Back in 2008, social news site Digg
was valued at $164 million; now, it’s been sold for the relative pittance of half a million dollars, according to the Wall Street Journal
. (AllThingsD has outgoing Digg CEO Matt Williams on record
as saying that the deal was much larger and was a combination of cash and equity; still, it's far, far less than the site was worth at one time.)
The buyer is Betaworks, a “new medium” company that says it will fold Digg into News.me (which sounds strikingly similar to Digg in its design and mission). In a blog post, Betaworks pledged to turn Digg “back into a startup” with a small budget, small team, and “fast cycles” and also return it to its former glory. In its own blog post announcing the sale, Digg mentioned that Betaworks was planning to develop a cloud version of Digg that would complement News.me’s mobile apps.
Kevin Rose, Digg's founder, on the cover of BusinessWeek in 2006
There were hifalutin hopes for Digg when it crashed the tech and news worlds in 2006, and indeed, the service blossomed. The idea of aggregating news based on users’ votes was as popular as it was purely democratic, and it caught on fast. The social Web has somewhat passed Digg by, as behemoths like Facebook have stolen away so much thunder, although there are plenty of Digg users still going strong. Betaworks clearly still sees value in it, if others haven’t.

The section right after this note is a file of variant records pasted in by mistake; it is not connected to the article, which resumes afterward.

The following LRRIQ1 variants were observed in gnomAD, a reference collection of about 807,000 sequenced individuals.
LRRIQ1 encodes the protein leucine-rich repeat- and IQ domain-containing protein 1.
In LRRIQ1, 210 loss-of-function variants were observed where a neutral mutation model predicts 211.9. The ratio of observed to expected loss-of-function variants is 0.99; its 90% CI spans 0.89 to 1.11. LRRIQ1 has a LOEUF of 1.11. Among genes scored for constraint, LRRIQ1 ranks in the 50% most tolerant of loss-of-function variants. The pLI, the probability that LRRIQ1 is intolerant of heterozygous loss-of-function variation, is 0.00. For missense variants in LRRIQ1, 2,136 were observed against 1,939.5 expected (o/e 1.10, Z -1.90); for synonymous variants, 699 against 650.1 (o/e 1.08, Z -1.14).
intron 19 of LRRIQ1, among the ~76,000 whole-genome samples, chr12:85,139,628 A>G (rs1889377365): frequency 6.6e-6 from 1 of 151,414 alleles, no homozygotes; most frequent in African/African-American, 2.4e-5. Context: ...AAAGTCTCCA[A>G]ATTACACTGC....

Digg's current interface
Side note: The original BusinessWeek story behind the cover photo is quite a trip down tech memory lane. There are ample references to “MySpace” and “Web 2.0” (when did we stop using that as a buzzword, anyway?) It seems like a long time ago, even though we have socks that predate it.
Update, Friday July 13th, 3:12pm: TechCrunch reports more details on the terms of the deal. According to the site, Betaworks snapped up Diggs' assets--code, data, traffic information, and domain--for between $500,000 and $750,000. However, the Washington Post loosened the purse strings and dropped $12 million for the Digg team back in May. Further, LinkedIn paid between $3.75 and $4 million for Digg's handful of patents. Thus, Digg has been broken up and sold off to three different buyers. The final price is still paltry compared to what the company was worth at its highest point, but it's a long way from half a million for the whole kit and kaboodle.